This possibility would explain why an uptick in Obama’s support post-the Osama Kill didn’t translate into any extra support for Tim Kaine. The Osama-Kill helped make it easier for these “lesser of the evil” Obama voters to support for his re-election, feeling that in foreign policy, he might be better than they had thought. But it doesn’t fundamentally change their anti-Obama policy views, since those are rooted in domestic concerns over taxation/deficits/government spending/health care law — the basic litany of George Allen’s anti-Obamacon riff.

    Net, net: right now, the Obama-Allen voter, or perhaps more accurately the “Obama-I probably need to make sure the Senate doesn’t back Obama’s policies” voter, is the margin of victory in the Kaine-Allen race.

    While a problem for Kaine right now, I think if this dynamic continues, it works to Kaine’s advantage over time. Why? Because it is based on the GOP’s failure to nominate a candidate that these pro Obama-Allen voters like. If this proves to be true – and it seems likely right now – then it means the President should be able to carry Virginia by at least the same margin as in 2008.

    Under that scenario, it is doubtful a respected and well-liked former Governor like Tim Kaine, with a solid campaign, would lose. This type of situation will discourage GOP voters to come out and encourage Democrats to make sure the President gets a second term. A good Kaine campaign will be able to hold the “ballot falloff” – the drop in vote from the Presidential line to the Senate line – to a minimum.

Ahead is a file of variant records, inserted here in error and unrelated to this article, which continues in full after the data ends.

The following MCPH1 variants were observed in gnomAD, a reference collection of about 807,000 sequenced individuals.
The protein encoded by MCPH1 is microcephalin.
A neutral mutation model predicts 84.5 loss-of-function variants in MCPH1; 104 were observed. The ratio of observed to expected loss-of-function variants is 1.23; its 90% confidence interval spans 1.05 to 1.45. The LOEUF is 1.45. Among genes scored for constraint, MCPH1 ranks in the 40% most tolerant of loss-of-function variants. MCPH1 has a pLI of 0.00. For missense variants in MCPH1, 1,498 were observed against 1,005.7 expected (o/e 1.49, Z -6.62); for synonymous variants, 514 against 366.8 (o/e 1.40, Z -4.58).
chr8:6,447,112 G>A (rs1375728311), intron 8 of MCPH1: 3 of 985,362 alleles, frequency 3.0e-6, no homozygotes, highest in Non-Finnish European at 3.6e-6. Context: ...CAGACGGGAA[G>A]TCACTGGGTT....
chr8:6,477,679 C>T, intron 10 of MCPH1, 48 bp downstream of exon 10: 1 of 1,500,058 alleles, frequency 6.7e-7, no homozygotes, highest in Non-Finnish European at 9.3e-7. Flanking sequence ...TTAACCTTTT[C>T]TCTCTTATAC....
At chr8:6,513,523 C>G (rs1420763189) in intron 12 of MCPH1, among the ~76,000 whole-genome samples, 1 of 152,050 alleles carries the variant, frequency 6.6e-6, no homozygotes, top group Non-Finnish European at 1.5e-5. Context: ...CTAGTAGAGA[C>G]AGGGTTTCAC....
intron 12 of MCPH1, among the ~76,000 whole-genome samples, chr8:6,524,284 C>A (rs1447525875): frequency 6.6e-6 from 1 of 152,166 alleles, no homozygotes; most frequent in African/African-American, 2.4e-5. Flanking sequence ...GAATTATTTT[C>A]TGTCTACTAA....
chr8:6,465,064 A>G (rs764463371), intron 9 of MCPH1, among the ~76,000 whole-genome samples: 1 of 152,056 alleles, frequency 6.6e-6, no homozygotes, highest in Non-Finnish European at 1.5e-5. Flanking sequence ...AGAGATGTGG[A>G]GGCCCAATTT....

Ironically then, the Obama-Allen voter syndrome we see in May of 2011 actually spells trouble for Allen unless he adjusts his campaign. Why? Because human nature being what it is, those lukewarm Obama voters will become more comfortable with their pro-Obama vote over time as they resign themselves to the situation. They will be turned off at the margins by the anti-Obamacon litany from the GOP, since it will seem both shrill and pointless given that the GOP nominee is going to lose.

    Bottom line: Kaine’s big worry isn’t the Obama-Allen voter. It is the Obama-McDonnell voter from 2009. If George Allen ever decides to stop running as Senator Reload from the past, and instead tries to adopt a more McDonnell image, then he has a chance to tap into that big poll of voters.

    If Kaine figures out the right appeal to a substantial number of those voters – clearly, there are a lot of McDonnell-Kaine voters right now, since the Republican got 59% in 2009 – he  figures to win handily.